As a CISO, where do you see your organization going this year? Perhaps some 20/20 vision could help?
If you can forgive the pun, I’m delighted to announce Cisco’s 2020 CISO Benchmark Report. This year we have combined our current standing in the Gregorian calendar with the notion of perfect eyesight. The end result is 20 recommendations for 2020, which can help security leaders achieve the vision they want for their organization.
We know that life can be tough for a CISO. It’s a role that is arguably right up there with the CEO in terms of responsibility and accountability, and the demands are eternally shifting. There are no defined boundaries as to what a CISO needs to address, from security operations, risk management to compliance mandates and beyond.
Security is boundless. It permeates everything in the organization. That is why – as a CISO – not only are you the person whose job is on the line for every data breach, you also need to be able to influence several departments in addition to the C-suite and board of directors.
And, of course, CISOs are also able to set a strategy that ensures cybersecurity can be a business enabler, and even a business winner. We’ve seen examples of a strong security posture deliver dividends when it comes to due diligence in the sales process.
The most successful CISOs try to knock down siloes to achieve effective protection everywhere. That means thinking big picture on security strategy, while talking in bits and bytes to your technology teams, and talking in debits and credits to your board members.
About the report
To help you achieve your 2020 vision, our annual CISO Benchmark Report contains contextually useful information for any security leader today. From how to influence the board and what reporting metrics are useful for them, to what causes downtime, and how to deal with complexity.
To compile this report, we surveyed 2800 security leaders globally to inform us about what they experienced in the previous year in their roles. Then we interviewed current and former CISOs to augment the data with expertise and opinion on leading practices. We posed questions such as:
- What considerations drive security budgets and spending?
- How do you balance spending on trust verification and threat detection?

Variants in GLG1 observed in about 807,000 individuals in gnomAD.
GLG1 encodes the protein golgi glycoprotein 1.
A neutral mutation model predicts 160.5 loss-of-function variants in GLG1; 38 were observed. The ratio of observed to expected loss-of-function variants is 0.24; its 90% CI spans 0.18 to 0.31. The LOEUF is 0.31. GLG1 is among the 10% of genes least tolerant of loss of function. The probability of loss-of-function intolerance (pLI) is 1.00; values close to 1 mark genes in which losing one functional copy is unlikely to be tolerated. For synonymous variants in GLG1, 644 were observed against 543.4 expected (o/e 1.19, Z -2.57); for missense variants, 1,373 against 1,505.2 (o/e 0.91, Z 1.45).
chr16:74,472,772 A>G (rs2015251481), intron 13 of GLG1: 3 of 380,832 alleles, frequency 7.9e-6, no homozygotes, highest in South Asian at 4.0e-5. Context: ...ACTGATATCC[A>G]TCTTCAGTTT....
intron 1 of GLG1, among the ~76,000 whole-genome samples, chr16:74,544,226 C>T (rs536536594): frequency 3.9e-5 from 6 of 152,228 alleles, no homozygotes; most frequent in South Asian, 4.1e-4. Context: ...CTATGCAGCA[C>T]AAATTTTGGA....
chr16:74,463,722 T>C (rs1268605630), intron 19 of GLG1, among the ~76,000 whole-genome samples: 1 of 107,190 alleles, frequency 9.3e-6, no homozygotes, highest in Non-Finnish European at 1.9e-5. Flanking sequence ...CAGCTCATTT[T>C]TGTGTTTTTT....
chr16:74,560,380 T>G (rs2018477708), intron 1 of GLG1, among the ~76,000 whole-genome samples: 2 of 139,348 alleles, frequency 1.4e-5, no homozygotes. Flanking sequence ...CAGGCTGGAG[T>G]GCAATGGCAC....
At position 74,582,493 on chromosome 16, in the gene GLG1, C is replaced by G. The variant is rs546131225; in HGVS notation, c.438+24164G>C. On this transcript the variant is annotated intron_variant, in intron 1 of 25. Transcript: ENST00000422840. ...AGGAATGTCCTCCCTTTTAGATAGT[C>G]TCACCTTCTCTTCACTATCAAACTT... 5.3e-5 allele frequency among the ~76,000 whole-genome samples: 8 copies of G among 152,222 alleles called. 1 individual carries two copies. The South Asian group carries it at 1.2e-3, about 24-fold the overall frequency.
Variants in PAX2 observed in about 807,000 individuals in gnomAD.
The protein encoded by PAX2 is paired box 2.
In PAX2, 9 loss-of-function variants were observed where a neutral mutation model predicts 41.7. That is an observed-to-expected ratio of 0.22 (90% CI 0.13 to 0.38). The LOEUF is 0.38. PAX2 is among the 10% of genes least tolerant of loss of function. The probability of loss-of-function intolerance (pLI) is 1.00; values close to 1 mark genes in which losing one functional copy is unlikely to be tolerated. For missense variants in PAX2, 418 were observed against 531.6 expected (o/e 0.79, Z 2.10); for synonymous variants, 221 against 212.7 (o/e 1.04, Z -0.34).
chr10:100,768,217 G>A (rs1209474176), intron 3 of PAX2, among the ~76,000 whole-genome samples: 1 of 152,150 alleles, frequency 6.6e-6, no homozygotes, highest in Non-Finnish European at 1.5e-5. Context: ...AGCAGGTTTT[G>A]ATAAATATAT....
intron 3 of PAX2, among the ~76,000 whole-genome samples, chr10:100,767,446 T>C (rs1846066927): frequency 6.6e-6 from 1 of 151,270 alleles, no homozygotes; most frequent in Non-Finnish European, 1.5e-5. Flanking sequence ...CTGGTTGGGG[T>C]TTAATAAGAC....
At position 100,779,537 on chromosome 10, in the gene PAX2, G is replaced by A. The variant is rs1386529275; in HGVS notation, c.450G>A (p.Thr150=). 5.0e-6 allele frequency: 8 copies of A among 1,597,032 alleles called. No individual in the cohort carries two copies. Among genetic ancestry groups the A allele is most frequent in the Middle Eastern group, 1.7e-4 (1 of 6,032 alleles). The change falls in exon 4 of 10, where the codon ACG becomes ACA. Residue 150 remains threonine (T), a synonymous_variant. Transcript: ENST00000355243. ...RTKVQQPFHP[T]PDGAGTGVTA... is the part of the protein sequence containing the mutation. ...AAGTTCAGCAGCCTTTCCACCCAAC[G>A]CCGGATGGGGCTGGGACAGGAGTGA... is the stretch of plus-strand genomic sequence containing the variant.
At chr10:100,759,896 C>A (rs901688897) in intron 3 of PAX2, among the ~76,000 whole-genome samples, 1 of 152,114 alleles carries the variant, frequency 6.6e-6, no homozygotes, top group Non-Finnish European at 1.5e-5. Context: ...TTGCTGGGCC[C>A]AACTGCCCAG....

- How much downtime did you experience?
- What types of threats has your organization faced?
For a detailed overview on these questions and more, be sure to download the CISO Benchmark Report today.
Here are some of the highlights:
- Security leaders who had established clear security outcome objectives or metrics were less likely to experience cyber fatigue. It seems that clear metrics help you sleep better at night.
- Brand reputation has climbed over the years as an area of the business affected by a security breach – brand reputation is now the second-most impacted business area after operations.
- Voluntary breach disclosure is at an all-time high.
- Those who were very/extremely collaborative between security and networking, or endpoint management and security groups, showed significantly lower breach costs.
- Forty six percent of organizations (up from 30 percent in last year’s report) had an incident caused by an unpatched vulnerability.
- Malware and malicious spam come in as the first- and second-most commonly cited causes of breach. Ransomware is responsible for causing the most destructive amount of downtime (more than 17 hours) and also doesn’t discriminate – this is the case for both small-to-medium businesses and large enterprises.
We’ve also provided key insights throughout the report from CISOs and security leaders, such as this one from Mick Jenkins, CISO for Brunel University London on the CISO’s role with executive leadership and the board:
“Every organization is different in terms of the executive makeup and there are many different styles
of executive leadership. The role of a CISO is to break through into that, have conversations, and engage
with the business by demonstrating that well-designed security will give value back to the business.”
Also new this year are key topics to ask about as you prepare to raise your organization’s security posture. If these questions resonate with you, or provoke additional areas of inquiry, we’d love to hear from you at firstname.lastname@example.org.